Spleen tumors are very common in some breeds such as Golden Retrievers and German Shepherds and some vets recommend regular ultrasounds every 6-12 months in later years to screen for tumors.  They have a 50-50 chance of being malignant.

Symptoms can be decreased appetite and weakness.

This is from

Generally the disease develops slowly and no signs of disease are present in the early stages. Even dogs with large tumors will show no symptoms early on. Unfortunately, by the time a dog is symptomatic he is usually in an advanced stage of this life-threatening disease.  Over time, small ruptures in the tumors can develop which allow blood to escape into the abdomen, chest, the sac around the heart, or subcutaneously (right below the skin).  This blood loss causes some dogs to show intermittent symptoms of lethargy and weakness, but usually the signs are so subtle they go unnoticed or are attributed to another less serious cause.

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Comment by victor breton on March 26, 2016 at 9:42pm

Im sorry for your loss dogs are truly mans best friend a special bond only true dog lovers know. I am going through the same scenario my 14 yr old boston terrier has a very large tumor that cant be seen nor felt only detected by xray. Its large the vet thinks its on his spleen ive gone to 3 vets and am now going to go to a specialist for another opinion. of the 3 vets only one will operate. All say he has 50% chance i am really at odds what to do? if i act there is a very real chance he will die after operation if i dont operate it can explode and he will die. 

Comment by Julie L on November 2, 2013 at 5:54pm

Denise, thank you so much for sharing your story. Marlin was a 60lb Border Collie mix.  He might have had Shepherd in him, a breed that is apparently more prone to it. 


I am sorry for your loss of Perdida. 


Since Marlin died on Oct 24 I have heard from many people who have lost their dog suddenly and unexpectedly to a  bleeding spleen tumor.  Apparently it is often referred to as the "silent killer" because there is often no warning.   The Emergency Vet he saw told me it is a very common surgery at the emergency vet (to remove the spleen and tumor) and e-vet's must be trained in it (when I asked her how often she had done the surgery she said more than she could count and it was part of the e-vet's repertoire because it is so common).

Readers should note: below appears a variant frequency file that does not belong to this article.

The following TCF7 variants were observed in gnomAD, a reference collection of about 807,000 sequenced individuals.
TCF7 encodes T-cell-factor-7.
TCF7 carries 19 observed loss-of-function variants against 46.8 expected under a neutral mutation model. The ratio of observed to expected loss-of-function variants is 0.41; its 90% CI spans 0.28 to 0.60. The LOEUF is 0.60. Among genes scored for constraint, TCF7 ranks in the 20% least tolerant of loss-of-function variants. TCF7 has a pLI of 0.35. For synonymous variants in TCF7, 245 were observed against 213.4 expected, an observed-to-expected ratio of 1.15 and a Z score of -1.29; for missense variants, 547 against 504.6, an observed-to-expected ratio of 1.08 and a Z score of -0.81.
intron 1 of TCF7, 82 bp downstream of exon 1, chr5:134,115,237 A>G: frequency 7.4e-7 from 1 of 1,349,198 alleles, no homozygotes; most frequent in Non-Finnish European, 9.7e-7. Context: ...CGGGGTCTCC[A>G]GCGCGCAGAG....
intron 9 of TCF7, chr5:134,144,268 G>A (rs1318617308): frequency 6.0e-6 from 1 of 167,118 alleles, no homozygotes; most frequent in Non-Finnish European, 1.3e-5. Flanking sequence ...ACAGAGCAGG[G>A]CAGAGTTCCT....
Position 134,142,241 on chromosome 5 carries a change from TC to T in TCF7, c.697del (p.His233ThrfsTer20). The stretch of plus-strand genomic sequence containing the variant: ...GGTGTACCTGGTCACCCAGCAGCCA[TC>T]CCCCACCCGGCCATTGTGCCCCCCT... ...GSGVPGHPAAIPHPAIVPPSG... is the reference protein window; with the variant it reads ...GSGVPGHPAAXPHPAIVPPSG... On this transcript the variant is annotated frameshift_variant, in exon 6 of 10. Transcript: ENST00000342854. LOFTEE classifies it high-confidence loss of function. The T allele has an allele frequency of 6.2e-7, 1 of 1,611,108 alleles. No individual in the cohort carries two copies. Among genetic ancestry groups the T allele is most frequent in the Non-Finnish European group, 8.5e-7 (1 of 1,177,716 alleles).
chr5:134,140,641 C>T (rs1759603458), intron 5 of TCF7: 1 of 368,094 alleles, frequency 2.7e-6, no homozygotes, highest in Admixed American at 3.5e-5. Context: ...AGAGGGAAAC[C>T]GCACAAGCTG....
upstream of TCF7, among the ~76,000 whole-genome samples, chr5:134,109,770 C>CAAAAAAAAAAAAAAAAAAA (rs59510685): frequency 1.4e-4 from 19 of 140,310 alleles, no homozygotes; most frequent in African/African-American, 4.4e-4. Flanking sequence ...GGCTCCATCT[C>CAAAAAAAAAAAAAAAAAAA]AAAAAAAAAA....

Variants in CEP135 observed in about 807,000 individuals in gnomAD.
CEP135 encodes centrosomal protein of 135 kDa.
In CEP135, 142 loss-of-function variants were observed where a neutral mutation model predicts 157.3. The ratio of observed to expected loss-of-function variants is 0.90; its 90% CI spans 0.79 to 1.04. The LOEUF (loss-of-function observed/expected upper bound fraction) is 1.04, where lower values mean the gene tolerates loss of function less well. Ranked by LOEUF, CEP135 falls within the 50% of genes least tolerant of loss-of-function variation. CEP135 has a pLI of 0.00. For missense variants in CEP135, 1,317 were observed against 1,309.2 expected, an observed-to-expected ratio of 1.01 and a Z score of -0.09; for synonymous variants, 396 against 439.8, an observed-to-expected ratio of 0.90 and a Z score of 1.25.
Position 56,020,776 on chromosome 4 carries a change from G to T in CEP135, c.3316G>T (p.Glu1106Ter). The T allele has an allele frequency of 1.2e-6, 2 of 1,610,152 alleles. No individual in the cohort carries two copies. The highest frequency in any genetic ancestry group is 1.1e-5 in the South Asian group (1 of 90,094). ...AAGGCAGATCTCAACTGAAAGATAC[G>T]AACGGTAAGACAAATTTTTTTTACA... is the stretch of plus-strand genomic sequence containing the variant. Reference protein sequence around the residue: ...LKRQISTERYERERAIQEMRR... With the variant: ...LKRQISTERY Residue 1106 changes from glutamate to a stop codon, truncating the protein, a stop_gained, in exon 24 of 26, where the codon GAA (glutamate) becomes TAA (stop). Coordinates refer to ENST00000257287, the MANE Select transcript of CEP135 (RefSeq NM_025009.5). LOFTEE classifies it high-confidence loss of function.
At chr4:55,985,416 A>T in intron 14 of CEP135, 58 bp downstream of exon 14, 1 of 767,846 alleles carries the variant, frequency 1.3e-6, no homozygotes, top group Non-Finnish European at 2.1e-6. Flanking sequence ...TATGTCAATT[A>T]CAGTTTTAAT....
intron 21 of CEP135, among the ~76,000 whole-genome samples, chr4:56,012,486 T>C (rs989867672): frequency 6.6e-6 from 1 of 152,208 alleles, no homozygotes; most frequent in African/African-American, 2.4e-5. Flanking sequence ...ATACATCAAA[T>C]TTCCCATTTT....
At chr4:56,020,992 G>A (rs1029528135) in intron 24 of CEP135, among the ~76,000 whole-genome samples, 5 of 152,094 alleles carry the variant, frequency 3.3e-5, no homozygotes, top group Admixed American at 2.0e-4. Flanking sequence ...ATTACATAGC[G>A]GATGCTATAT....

Shari and Bob's Mom, thank you for your support.


Symptoms might be:  loss of appetite or not eating as much as usual or becoming a pickier eater, lethargy, weakness in the hind legs (struggling to jump in the car or on the bed), not wanting to walk very far (on a leashed walk for example), drinking more.  Symptoms may come and go which might indicate the bleed stopped, then started again.  You may notice tenderness in the abdomen and distended stomach. 

Comment by Denise Jimenez on November 2, 2013 at 12:52pm

Julie, thank you for sharing your story and enlightening owners about this condition. I lost my 12 year old German Shepherd Dog "Perdida" to a ruptured spleen tumor. I  attributed some of her symptoms to normal aging, and I was wrong. Please don`t beat yourself up about this or have regrets. You did what you could based on the knowledge available to you at the time. I don`t know the breed of your dog, but if it was a large breed, twelve years is the average life-span.I am on my fifth German Shepherd, and it`s heart-break no matter what the circumstances when they die. I`m sure Marlin was extremely lucky to have enjoyed his life with you.

Comment by Bob's mom on October 25, 2013 at 8:40pm

I am so sorry for your loss Julie.  You're story is heartbreaking but know you did everything you knew to do - Marley knew that.

Comment by Shari Shantasi on October 25, 2013 at 10:18am

So very sorry for your loss, Julie. I don't currently have a dog but have friends who do and will pass along your valuable information to them. Any good pet owner would have done just what you did, all you could. Thanks to your blog, those of us who see ourselves in your actions, will be more proactive. 

RIP Marlin